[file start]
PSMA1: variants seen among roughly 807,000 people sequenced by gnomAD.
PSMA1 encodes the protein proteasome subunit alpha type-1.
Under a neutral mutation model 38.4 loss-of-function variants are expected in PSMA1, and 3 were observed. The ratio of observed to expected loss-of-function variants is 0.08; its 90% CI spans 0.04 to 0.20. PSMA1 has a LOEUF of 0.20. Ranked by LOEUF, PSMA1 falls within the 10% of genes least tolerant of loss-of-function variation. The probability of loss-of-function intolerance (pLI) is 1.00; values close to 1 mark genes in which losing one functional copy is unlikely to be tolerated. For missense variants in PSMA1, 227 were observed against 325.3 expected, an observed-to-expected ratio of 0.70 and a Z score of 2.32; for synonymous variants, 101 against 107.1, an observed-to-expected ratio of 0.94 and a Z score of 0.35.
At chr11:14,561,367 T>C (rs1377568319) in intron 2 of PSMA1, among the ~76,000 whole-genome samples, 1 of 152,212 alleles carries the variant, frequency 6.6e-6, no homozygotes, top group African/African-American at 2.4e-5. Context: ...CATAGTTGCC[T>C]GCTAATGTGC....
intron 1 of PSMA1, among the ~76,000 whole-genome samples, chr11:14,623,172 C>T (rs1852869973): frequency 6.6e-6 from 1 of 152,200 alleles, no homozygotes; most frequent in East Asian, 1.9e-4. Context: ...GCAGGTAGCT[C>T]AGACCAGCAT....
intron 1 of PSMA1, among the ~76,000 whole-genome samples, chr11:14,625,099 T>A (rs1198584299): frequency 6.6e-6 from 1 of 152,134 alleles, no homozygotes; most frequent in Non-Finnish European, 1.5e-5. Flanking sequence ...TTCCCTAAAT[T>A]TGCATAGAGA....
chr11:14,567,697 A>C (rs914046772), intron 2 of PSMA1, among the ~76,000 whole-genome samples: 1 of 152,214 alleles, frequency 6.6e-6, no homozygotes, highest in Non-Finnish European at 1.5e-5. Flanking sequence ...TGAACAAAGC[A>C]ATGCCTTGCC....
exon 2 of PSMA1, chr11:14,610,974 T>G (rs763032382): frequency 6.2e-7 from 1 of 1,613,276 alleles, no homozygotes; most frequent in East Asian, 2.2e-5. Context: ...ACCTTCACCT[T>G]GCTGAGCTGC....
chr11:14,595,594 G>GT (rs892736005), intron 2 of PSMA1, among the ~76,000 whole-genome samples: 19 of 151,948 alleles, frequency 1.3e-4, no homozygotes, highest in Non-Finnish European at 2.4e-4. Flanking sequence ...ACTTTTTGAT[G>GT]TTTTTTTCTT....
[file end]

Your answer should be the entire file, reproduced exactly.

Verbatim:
PSMA1: variants seen among roughly 807,000 people sequenced by gnomAD.
PSMA1 encodes the protein proteasome subunit alpha type-1.
Under a neutral mutation model 38.4 loss-of-function variants are expected in PSMA1, and 3 were observed. The ratio of observed to expected loss-of-function variants is 0.08; its 90% CI spans 0.04 to 0.20. PSMA1 has a LOEUF of 0.20. Ranked by LOEUF, PSMA1 falls within the 10% of genes least tolerant of loss-of-function variation. The probability of loss-of-function intolerance (pLI) is 1.00; values close to 1 mark genes in which losing one functional copy is unlikely to be tolerated. For missense variants in PSMA1, 227 were observed against 325.3 expected, an observed-to-expected ratio of 0.70 and a Z score of 2.32; for synonymous variants, 101 against 107.1, an observed-to-expected ratio of 0.94 and a Z score of 0.35.
At chr11:14,561,367 T>C (rs1377568319) in intron 2 of PSMA1, among the ~76,000 whole-genome samples, 1 of 152,212 alleles carries the variant, frequency 6.6e-6, no homozygotes, top group African/African-American at 2.4e-5. Context: ...CATAGTTGCC[T>C]GCTAATGTGC....
intron 1 of PSMA1, among the ~76,000 whole-genome samples, chr11:14,623,172 C>T (rs1852869973): frequency 6.6e-6 from 1 of 152,200 alleles, no homozygotes; most frequent in East Asian, 1.9e-4. Context: ...GCAGGTAGCT[C>T]AGACCAGCAT....
intron 1 of PSMA1, among the ~76,000 whole-genome samples, chr11:14,625,099 T>A (rs1198584299): frequency 6.6e-6 from 1 of 152,134 alleles, no homozygotes; most frequent in Non-Finnish European, 1.5e-5. Flanking sequence ...TTCCCTAAAT[T>A]TGCATAGAGA....
chr11:14,567,697 A>C (rs914046772), intron 2 of PSMA1, among the ~76,000 whole-genome samples: 1 of 152,214 alleles, frequency 6.6e-6, no homozygotes, highest in Non-Finnish European at 1.5e-5. Flanking sequence ...TGAACAAAGC[A>C]ATGCCTTGCC....
exon 2 of PSMA1, chr11:14,610,974 T>G (rs763032382): frequency 6.2e-7 from 1 of 1,613,276 alleles, no homozygotes; most frequent in East Asian, 2.2e-5. Context: ...ACCTTCACCT[T>G]GCTGAGCTGC....
chr11:14,595,594 G>GT (rs892736005), intron 2 of PSMA1, among the ~76,000 whole-genome samples: 19 of 151,948 alleles, frequency 1.3e-4, no homozygotes, highest in Non-Finnish European at 2.4e-4. Flanking sequence ...ACTTTTTGAT[G>GT]TTTTTTTCTT....